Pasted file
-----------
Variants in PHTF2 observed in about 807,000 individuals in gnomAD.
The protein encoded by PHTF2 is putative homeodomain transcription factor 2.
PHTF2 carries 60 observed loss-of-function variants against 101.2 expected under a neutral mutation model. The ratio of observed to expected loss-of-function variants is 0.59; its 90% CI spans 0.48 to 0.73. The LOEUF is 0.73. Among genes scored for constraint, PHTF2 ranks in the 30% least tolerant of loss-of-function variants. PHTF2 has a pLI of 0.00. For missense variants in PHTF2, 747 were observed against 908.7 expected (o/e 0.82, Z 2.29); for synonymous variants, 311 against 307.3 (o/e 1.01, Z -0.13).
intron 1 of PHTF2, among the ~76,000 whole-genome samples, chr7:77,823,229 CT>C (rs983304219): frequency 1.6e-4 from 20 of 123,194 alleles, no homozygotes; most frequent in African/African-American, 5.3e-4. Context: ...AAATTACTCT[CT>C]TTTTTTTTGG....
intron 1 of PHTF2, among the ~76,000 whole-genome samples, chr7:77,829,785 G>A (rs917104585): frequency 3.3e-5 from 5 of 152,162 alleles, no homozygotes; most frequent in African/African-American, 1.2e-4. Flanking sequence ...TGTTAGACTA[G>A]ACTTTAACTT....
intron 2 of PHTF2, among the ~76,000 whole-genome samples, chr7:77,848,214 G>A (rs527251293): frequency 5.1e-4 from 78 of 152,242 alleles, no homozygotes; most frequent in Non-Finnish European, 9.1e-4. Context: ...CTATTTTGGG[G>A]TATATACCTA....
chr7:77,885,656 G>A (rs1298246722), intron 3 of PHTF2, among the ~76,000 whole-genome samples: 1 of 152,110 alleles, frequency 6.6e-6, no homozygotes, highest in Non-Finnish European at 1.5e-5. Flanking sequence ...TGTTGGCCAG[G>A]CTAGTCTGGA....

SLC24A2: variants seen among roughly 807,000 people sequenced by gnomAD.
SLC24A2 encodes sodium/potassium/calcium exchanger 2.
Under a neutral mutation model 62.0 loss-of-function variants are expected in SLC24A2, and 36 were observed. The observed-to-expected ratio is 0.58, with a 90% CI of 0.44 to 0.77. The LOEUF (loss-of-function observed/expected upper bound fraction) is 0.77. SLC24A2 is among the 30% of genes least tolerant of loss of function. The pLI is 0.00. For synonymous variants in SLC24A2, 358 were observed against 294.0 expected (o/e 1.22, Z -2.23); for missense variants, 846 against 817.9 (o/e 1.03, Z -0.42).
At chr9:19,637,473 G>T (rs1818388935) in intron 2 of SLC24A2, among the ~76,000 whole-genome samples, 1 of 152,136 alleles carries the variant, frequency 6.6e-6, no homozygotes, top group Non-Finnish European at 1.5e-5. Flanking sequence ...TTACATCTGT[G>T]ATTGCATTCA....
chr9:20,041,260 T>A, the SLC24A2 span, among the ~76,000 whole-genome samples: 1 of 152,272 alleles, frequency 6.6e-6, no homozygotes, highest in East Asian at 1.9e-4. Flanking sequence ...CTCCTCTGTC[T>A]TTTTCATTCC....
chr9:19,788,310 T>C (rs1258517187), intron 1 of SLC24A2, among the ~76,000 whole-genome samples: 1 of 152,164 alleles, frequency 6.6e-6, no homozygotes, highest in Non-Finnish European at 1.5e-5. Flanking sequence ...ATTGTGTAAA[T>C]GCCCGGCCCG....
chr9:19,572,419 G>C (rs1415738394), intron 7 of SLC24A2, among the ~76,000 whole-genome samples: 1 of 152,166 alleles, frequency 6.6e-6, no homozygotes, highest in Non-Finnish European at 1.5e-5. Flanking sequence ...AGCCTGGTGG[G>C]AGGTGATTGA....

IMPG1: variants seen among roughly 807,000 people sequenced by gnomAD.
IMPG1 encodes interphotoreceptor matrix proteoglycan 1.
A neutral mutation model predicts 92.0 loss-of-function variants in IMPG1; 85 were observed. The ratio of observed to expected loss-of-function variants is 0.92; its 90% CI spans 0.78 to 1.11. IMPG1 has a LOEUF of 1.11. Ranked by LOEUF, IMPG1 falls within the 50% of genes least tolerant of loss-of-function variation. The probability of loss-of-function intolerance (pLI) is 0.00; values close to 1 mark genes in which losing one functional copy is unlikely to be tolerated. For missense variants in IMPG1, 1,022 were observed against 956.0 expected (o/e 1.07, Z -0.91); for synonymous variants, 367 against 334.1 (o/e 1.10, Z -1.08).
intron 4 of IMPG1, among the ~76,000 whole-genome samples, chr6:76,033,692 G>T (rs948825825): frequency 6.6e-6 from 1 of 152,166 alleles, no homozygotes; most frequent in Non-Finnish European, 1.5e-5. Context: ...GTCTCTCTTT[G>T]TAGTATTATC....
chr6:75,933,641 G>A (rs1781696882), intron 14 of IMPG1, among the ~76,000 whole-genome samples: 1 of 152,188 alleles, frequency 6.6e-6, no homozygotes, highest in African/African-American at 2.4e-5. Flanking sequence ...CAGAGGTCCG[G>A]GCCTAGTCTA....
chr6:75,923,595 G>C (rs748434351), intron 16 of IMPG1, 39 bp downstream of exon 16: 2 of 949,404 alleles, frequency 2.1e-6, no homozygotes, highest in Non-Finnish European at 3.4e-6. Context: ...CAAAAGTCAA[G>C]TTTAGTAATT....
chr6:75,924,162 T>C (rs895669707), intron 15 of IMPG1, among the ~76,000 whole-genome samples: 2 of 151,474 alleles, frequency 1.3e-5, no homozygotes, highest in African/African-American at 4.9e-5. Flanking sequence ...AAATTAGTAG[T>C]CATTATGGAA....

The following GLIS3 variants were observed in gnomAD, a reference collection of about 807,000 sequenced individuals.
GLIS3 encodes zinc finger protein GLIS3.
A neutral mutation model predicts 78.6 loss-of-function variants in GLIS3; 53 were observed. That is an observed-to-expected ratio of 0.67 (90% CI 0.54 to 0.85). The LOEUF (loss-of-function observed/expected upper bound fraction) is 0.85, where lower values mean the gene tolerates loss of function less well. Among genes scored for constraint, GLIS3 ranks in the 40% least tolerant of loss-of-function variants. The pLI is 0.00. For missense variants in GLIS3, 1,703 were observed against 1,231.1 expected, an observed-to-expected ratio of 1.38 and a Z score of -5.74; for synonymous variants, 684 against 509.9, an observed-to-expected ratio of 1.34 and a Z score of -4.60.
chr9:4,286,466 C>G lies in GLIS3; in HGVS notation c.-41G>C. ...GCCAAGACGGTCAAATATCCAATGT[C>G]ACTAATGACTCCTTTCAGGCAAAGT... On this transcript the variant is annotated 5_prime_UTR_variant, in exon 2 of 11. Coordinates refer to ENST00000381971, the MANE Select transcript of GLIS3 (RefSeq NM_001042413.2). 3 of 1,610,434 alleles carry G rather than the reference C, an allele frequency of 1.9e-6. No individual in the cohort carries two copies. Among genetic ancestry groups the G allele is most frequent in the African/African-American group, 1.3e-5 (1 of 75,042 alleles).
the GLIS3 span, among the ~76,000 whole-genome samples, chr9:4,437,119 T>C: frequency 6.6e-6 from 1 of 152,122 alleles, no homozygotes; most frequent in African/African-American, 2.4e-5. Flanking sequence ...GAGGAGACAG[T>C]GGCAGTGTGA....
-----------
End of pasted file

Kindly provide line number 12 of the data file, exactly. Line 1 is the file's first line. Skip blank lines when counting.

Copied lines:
chr9:20,041,260 T>A, the SLC24A2 span, among the ~76,000 whole-genome samples: 1 of 152,272 alleles, frequency 6.6e-6, no homozygotes, highest in East Asian at 1.9e-4. Flanking sequence ...CTCCTCTGTC[T>A]TTTTCATTCC....